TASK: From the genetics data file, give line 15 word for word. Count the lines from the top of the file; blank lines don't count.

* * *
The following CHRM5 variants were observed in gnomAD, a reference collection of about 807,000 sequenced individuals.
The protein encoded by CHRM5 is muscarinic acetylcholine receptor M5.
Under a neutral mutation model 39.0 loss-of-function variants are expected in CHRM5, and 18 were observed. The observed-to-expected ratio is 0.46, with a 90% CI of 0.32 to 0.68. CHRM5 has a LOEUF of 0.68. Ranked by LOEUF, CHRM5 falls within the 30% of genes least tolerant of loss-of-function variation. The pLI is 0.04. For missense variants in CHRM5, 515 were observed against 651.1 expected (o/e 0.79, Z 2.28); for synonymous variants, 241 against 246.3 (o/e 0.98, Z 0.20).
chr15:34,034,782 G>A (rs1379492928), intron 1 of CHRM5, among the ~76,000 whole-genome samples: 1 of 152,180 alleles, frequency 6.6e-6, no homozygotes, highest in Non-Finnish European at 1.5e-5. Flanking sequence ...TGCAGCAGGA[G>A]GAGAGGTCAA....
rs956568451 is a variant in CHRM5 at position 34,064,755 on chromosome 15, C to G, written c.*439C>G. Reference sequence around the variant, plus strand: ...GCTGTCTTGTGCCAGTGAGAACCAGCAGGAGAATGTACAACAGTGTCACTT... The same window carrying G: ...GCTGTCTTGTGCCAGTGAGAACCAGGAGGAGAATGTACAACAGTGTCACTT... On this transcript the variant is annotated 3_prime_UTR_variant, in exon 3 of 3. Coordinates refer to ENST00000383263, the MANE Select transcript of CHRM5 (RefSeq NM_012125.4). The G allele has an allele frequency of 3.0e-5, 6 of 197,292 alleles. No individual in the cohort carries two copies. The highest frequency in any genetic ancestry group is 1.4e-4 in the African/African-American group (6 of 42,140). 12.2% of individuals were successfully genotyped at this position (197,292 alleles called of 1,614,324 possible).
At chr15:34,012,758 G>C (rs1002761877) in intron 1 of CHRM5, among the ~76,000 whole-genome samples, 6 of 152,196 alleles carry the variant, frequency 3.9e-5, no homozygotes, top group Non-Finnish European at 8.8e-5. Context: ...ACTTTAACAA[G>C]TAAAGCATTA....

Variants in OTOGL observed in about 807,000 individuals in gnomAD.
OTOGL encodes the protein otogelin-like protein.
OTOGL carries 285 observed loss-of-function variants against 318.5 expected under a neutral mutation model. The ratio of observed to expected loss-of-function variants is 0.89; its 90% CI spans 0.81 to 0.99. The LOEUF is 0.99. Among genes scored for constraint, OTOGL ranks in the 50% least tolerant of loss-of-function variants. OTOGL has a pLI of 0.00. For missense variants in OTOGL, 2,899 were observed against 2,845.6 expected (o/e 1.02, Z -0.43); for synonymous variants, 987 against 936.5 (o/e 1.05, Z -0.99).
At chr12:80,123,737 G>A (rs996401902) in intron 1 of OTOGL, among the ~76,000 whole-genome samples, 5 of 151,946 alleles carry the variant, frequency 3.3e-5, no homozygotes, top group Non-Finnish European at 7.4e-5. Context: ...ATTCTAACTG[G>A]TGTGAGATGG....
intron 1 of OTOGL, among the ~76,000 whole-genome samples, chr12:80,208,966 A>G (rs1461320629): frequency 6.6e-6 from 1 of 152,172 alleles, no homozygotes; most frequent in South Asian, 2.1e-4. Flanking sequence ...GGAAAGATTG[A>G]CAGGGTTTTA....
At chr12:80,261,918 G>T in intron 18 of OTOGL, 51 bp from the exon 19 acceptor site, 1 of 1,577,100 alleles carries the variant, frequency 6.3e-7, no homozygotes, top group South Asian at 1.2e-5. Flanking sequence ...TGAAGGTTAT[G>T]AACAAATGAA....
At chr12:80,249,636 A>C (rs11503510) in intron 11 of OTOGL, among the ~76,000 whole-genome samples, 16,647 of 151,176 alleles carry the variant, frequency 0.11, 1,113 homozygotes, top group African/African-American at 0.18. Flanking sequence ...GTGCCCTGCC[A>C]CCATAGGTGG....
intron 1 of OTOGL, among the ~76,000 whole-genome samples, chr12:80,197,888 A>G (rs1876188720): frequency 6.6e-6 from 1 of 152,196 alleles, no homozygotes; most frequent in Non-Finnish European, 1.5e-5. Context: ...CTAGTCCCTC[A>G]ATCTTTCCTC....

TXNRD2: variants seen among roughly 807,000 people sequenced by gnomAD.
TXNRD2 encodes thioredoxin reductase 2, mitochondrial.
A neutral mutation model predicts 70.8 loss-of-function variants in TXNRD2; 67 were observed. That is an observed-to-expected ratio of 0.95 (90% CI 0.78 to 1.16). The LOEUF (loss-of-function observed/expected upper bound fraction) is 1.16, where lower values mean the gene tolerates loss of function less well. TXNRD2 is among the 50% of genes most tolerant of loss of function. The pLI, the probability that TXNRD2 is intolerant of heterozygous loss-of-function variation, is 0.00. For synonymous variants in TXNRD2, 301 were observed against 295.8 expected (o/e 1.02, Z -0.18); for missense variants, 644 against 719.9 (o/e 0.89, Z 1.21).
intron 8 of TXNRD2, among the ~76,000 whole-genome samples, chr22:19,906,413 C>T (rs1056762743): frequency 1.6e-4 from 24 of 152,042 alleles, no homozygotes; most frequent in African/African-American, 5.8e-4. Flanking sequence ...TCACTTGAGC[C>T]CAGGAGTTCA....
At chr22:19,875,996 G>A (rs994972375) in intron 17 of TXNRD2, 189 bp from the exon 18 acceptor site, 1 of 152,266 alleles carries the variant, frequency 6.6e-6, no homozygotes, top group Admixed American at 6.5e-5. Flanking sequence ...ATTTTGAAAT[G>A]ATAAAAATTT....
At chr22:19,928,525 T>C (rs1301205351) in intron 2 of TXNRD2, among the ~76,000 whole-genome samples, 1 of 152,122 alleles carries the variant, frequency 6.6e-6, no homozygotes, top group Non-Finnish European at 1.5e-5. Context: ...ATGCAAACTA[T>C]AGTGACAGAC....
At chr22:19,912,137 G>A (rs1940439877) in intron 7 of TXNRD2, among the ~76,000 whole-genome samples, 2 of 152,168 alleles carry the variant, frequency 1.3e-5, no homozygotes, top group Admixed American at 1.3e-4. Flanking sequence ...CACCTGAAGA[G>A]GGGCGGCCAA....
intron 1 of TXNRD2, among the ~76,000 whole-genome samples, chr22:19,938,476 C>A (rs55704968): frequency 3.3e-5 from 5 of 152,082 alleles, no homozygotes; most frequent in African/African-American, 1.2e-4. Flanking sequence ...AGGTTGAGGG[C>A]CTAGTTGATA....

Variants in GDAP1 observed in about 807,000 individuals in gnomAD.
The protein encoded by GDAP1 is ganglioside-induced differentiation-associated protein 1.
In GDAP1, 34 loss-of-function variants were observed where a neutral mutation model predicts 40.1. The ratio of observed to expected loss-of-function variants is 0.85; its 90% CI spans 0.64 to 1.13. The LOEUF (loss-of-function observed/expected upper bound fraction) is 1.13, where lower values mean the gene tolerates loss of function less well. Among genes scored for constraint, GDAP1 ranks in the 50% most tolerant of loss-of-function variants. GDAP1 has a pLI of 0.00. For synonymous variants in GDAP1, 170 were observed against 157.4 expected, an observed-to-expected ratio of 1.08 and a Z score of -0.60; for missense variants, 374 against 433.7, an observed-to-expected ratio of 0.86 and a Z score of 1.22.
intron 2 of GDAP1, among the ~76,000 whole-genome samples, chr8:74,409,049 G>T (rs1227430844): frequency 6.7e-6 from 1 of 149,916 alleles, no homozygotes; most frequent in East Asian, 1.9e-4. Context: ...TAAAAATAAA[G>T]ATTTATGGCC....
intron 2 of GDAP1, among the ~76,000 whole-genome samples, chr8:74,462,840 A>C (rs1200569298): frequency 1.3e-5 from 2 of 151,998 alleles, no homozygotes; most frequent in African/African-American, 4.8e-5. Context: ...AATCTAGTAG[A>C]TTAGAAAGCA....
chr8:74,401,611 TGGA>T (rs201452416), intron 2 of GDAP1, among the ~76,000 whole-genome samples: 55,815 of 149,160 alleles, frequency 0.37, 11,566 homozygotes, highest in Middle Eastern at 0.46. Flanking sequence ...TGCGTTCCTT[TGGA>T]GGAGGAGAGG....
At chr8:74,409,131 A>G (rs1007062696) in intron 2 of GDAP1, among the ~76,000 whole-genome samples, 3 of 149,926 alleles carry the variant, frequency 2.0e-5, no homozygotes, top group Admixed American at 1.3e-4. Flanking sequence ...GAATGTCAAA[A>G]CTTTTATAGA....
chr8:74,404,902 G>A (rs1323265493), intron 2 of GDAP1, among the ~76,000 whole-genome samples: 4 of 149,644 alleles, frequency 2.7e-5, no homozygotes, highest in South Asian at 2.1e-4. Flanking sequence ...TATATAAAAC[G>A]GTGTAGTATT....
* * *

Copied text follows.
TXNRD2: variants seen among roughly 807,000 people sequenced by gnomAD.